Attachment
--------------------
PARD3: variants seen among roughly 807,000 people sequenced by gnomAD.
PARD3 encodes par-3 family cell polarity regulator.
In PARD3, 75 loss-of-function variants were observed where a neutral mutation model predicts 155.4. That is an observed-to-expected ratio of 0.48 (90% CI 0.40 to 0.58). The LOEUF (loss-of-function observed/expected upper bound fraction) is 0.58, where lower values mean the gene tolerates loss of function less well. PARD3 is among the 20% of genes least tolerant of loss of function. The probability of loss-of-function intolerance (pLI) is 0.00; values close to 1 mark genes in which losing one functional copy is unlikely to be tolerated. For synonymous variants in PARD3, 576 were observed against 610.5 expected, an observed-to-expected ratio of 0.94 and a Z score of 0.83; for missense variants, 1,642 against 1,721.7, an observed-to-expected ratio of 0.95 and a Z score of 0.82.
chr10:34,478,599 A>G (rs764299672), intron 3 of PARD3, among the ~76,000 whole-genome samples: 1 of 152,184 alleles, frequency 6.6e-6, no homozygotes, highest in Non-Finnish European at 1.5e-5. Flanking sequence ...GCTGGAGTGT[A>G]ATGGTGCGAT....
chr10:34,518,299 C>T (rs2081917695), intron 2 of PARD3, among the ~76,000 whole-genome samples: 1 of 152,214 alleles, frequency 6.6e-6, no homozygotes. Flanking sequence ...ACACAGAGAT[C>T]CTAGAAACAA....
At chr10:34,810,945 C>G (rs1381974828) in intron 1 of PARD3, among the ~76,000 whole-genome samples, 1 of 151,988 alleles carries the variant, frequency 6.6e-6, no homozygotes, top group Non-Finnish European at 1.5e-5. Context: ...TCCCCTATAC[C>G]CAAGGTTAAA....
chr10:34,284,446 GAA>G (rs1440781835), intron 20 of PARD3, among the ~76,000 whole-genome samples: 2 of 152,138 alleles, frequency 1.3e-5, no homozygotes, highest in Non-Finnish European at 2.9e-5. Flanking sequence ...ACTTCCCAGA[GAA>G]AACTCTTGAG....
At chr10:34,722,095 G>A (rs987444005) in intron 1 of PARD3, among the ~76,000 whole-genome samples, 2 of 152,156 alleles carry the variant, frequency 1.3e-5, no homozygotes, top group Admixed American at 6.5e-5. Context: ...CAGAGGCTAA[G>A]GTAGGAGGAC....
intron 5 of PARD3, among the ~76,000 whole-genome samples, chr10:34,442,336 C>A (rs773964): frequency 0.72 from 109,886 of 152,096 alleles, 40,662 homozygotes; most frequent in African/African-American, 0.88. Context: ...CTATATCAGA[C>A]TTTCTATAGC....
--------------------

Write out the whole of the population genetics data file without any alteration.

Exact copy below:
PARD3: variants seen among roughly 807,000 people sequenced by gnomAD.
PARD3 encodes par-3 family cell polarity regulator.
In PARD3, 75 loss-of-function variants were observed where a neutral mutation model predicts 155.4. That is an observed-to-expected ratio of 0.48 (90% CI 0.40 to 0.58). The LOEUF (loss-of-function observed/expected upper bound fraction) is 0.58, where lower values mean the gene tolerates loss of function less well. PARD3 is among the 20% of genes least tolerant of loss of function. The probability of loss-of-function intolerance (pLI) is 0.00; values close to 1 mark genes in which losing one functional copy is unlikely to be tolerated. For synonymous variants in PARD3, 576 were observed against 610.5 expected, an observed-to-expected ratio of 0.94 and a Z score of 0.83; for missense variants, 1,642 against 1,721.7, an observed-to-expected ratio of 0.95 and a Z score of 0.82.
chr10:34,478,599 A>G (rs764299672), intron 3 of PARD3, among the ~76,000 whole-genome samples: 1 of 152,184 alleles, frequency 6.6e-6, no homozygotes, highest in Non-Finnish European at 1.5e-5. Flanking sequence ...GCTGGAGTGT[A>G]ATGGTGCGAT....
chr10:34,518,299 C>T (rs2081917695), intron 2 of PARD3, among the ~76,000 whole-genome samples: 1 of 152,214 alleles, frequency 6.6e-6, no homozygotes. Flanking sequence ...ACACAGAGAT[C>T]CTAGAAACAA....
At chr10:34,810,945 C>G (rs1381974828) in intron 1 of PARD3, among the ~76,000 whole-genome samples, 1 of 151,988 alleles carries the variant, frequency 6.6e-6, no homozygotes, top group Non-Finnish European at 1.5e-5. Context: ...TCCCCTATAC[C>G]CAAGGTTAAA....
chr10:34,284,446 GAA>G (rs1440781835), intron 20 of PARD3, among the ~76,000 whole-genome samples: 2 of 152,138 alleles, frequency 1.3e-5, no homozygotes, highest in Non-Finnish European at 2.9e-5. Flanking sequence ...ACTTCCCAGA[GAA>G]AACTCTTGAG....
At chr10:34,722,095 G>A (rs987444005) in intron 1 of PARD3, among the ~76,000 whole-genome samples, 2 of 152,156 alleles carry the variant, frequency 1.3e-5, no homozygotes, top group Admixed American at 6.5e-5. Context: ...CAGAGGCTAA[G>A]GTAGGAGGAC....
intron 5 of PARD3, among the ~76,000 whole-genome samples, chr10:34,442,336 C>A (rs773964): frequency 0.72 from 109,886 of 152,096 alleles, 40,662 homozygotes; most frequent in African/African-American, 0.88. Context: ...CTATATCAGA[C>A]TTTCTATAGC....